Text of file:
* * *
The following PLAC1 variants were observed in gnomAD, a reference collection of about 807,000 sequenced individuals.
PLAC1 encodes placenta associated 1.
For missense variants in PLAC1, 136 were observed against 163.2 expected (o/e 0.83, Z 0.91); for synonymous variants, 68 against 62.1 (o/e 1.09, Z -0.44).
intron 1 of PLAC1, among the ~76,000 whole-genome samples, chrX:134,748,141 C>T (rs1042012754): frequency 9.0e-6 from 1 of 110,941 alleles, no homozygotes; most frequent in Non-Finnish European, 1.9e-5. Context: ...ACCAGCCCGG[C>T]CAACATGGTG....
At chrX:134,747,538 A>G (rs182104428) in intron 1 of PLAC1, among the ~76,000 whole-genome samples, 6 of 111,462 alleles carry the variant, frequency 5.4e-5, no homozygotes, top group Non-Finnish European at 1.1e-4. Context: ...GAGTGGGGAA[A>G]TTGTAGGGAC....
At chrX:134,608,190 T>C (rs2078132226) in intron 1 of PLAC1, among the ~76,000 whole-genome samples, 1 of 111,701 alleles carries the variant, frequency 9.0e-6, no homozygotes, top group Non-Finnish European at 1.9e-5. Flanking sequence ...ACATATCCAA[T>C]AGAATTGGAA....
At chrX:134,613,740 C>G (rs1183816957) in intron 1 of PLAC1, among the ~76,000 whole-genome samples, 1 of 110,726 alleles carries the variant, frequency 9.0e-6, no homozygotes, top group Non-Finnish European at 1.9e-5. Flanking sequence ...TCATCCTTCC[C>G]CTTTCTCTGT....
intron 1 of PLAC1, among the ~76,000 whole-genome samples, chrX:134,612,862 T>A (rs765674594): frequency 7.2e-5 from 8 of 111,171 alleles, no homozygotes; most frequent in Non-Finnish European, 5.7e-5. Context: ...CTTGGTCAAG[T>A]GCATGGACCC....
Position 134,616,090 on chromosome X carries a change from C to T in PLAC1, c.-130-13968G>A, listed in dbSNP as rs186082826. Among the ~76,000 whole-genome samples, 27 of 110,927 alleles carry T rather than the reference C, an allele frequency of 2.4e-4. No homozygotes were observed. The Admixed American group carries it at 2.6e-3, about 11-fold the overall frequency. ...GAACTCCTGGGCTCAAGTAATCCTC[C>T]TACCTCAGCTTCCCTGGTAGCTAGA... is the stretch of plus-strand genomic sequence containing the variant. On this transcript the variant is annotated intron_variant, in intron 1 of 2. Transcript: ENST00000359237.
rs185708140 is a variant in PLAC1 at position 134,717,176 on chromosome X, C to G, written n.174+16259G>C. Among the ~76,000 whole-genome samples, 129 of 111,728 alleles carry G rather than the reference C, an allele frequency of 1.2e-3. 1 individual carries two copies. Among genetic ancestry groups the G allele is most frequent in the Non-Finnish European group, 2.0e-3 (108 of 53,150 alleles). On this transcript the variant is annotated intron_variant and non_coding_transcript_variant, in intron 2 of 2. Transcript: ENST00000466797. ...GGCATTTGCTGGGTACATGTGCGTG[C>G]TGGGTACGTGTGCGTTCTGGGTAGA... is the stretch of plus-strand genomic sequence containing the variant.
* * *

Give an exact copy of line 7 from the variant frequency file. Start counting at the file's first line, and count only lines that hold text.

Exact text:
At chrX:134,613,740 C>G (rs1183816957) in intron 1 of PLAC1, among the ~76,000 whole-genome samples, 1 of 110,726 alleles carries the variant, frequency 9.0e-6, no homozygotes, top group Non-Finnish European at 1.9e-5. Flanking sequence ...TCATCCTTCC[C>G]CTTTCTCTGT....